SATs Bring Unwanted Stress

Katherine Riordan

Staff Writer

The SAT’s, commonly known as Standardized Aptitude Tests, are coming up on March 14th, May 2nd and June 6th! According to the College Board, “The SAT and SAT Subject Tests are designed to assess your academic readiness for college. These exams provide a path to opportunities, financial support, and scholarships, in a way that’s fair to all students.” They are also the major stressors of juniors and seniors applying to college, since almost all colleges require it for admissions. When asked about the upcoming SATs, Maddy Flader, Junior, said, “I’m really nervous for it because it basically determines if I’ll get into a good college.”

The SAT tests your knowledge of math, reading and writing, which is is broken up into three categories. The math portion of the SAT includes questions on arithmetic operations, algebra, geometry, statistics and probability. The critical reading section requires reading passages and sentence completions. The writing section includes answering multiple choice questions on identifying errors and on improving grammar and usage. It also includes writing a short essay.

Preparing for the SATs can be very stressful and time consuming. The most effective way to prepare for the test is to take practice tests. College Board provides a book named “The Official SAT Study Guide”, which contains ten official practice tests and practice essay questions. Setting a daily study routine is also proven to be very helpful. Also, cramming for the exam is not recommended and will only cause more stress.

Katya Furda, Junior, said, “I’m preparing by taking SAT prep courses and utilizing online practice tests.” CT Speed School and First Choice College offers courses right here in Milford, CT. There are multiple sites that provide free SAT practice tests that are easily accessible.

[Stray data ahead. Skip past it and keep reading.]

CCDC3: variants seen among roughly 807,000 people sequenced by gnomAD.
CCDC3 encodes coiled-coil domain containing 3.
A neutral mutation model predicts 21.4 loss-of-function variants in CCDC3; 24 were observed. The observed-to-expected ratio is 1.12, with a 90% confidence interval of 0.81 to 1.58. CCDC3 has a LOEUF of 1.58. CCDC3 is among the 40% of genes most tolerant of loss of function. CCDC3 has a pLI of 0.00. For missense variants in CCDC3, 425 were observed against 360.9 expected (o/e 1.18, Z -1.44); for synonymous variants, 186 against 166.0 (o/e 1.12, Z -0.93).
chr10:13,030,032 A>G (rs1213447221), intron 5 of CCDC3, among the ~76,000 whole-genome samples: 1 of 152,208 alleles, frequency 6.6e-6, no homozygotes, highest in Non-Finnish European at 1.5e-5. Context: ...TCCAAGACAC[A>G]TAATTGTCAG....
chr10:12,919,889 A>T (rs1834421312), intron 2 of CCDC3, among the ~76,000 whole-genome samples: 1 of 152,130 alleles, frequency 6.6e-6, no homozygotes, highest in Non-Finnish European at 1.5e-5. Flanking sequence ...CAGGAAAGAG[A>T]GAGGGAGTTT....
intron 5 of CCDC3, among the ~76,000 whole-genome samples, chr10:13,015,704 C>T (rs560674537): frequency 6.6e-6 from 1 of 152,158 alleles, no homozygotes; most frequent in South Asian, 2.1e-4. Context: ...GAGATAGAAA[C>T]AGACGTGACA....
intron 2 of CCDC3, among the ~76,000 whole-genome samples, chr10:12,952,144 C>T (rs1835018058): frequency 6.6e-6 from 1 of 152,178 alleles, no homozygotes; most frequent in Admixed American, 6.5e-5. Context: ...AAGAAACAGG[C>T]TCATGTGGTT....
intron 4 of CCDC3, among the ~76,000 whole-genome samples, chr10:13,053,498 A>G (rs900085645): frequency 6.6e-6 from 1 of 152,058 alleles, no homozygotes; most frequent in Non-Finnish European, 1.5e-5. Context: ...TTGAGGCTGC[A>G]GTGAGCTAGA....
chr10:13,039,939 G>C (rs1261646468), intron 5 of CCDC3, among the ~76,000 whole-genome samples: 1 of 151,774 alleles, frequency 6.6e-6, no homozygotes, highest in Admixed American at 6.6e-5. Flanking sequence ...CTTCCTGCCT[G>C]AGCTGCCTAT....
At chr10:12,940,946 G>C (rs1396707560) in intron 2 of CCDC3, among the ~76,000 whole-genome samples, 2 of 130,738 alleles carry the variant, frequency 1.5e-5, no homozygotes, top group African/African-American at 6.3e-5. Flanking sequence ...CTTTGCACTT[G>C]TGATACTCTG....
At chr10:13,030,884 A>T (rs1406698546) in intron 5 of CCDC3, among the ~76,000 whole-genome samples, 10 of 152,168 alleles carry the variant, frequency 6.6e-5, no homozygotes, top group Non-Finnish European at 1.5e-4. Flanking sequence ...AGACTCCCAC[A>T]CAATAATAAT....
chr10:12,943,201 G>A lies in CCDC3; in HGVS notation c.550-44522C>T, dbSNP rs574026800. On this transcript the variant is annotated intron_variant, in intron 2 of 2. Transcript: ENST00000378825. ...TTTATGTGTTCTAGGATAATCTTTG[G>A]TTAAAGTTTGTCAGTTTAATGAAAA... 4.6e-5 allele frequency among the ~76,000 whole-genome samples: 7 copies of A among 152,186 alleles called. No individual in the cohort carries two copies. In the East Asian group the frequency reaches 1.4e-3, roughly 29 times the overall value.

Some people may not score well in some sections as others and that is normal. In order to get the best possible score you can on each section, it is helpful to break them each up individually to study for. It also really helps to know the structure of the test. The way that the multiple choice portion is set up is that the questions are in ascending order from easiest to hardest. So spend your time making sure you get the easier questions correct and tackle the hard questions if time remains. Rushing through the test to get to the hardest questions will have a negative impact on your score. Also, if you answer the easier questions correctly first; it will allow you to be able to skip or guess the answers without it impacting your score too much. However, keep in mind that the SAT doesn’t give points for questions you do not answer and they give partial credit for wrong answers.

The SAT may be very stressful and time consuming but remember to relax and breathe. If you don’t get a score you like, you can always take it over again. Colleges only accept your best SAT scores, so it will not be the end of the world if you got a bad score on your first time taking the test. Study hard and good luck on the test!


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